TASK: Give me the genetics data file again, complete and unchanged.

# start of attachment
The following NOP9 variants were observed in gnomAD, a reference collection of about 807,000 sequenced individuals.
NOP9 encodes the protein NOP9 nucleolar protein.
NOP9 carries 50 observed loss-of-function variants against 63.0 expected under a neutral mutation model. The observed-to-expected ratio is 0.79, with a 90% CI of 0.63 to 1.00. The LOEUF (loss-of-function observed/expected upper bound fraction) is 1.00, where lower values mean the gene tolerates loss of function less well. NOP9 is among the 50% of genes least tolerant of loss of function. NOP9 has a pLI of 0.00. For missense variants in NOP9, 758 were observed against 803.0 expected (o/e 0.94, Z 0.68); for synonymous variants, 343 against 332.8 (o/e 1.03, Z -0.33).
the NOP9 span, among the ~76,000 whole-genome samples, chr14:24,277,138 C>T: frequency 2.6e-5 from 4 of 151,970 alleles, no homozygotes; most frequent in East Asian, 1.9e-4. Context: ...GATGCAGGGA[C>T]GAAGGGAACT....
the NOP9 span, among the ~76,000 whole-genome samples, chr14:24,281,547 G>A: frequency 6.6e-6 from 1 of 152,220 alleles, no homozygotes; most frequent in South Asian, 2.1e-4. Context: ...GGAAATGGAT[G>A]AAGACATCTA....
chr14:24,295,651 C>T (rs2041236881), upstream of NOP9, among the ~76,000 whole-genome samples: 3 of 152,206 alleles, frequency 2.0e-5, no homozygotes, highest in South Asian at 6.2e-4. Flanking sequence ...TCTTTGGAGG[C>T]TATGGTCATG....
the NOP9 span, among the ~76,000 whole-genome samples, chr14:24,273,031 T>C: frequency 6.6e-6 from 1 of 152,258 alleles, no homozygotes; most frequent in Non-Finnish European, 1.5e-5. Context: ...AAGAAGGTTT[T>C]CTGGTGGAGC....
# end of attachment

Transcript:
The following NOP9 variants were observed in gnomAD, a reference collection of about 807,000 sequenced individuals.
NOP9 encodes the protein NOP9 nucleolar protein.
NOP9 carries 50 observed loss-of-function variants against 63.0 expected under a neutral mutation model. The observed-to-expected ratio is 0.79, with a 90% CI of 0.63 to 1.00. The LOEUF (loss-of-function observed/expected upper bound fraction) is 1.00, where lower values mean the gene tolerates loss of function less well. NOP9 is among the 50% of genes least tolerant of loss of function. NOP9 has a pLI of 0.00. For missense variants in NOP9, 758 were observed against 803.0 expected (o/e 0.94, Z 0.68); for synonymous variants, 343 against 332.8 (o/e 1.03, Z -0.33).
the NOP9 span, among the ~76,000 whole-genome samples, chr14:24,277,138 C>T: frequency 2.6e-5 from 4 of 151,970 alleles, no homozygotes; most frequent in East Asian, 1.9e-4. Context: ...GATGCAGGGA[C>T]GAAGGGAACT....
the NOP9 span, among the ~76,000 whole-genome samples, chr14:24,281,547 G>A: frequency 6.6e-6 from 1 of 152,220 alleles, no homozygotes; most frequent in South Asian, 2.1e-4. Context: ...GGAAATGGAT[G>A]AAGACATCTA....
chr14:24,295,651 C>T (rs2041236881), upstream of NOP9, among the ~76,000 whole-genome samples: 3 of 152,206 alleles, frequency 2.0e-5, no homozygotes, highest in South Asian at 6.2e-4. Flanking sequence ...TCTTTGGAGG[C>T]TATGGTCATG....
the NOP9 span, among the ~76,000 whole-genome samples, chr14:24,273,031 T>C: frequency 6.6e-6 from 1 of 152,258 alleles, no homozygotes; most frequent in Non-Finnish European, 1.5e-5. Context: ...AAGAAGGTTT[T>C]CTGGTGGAGC....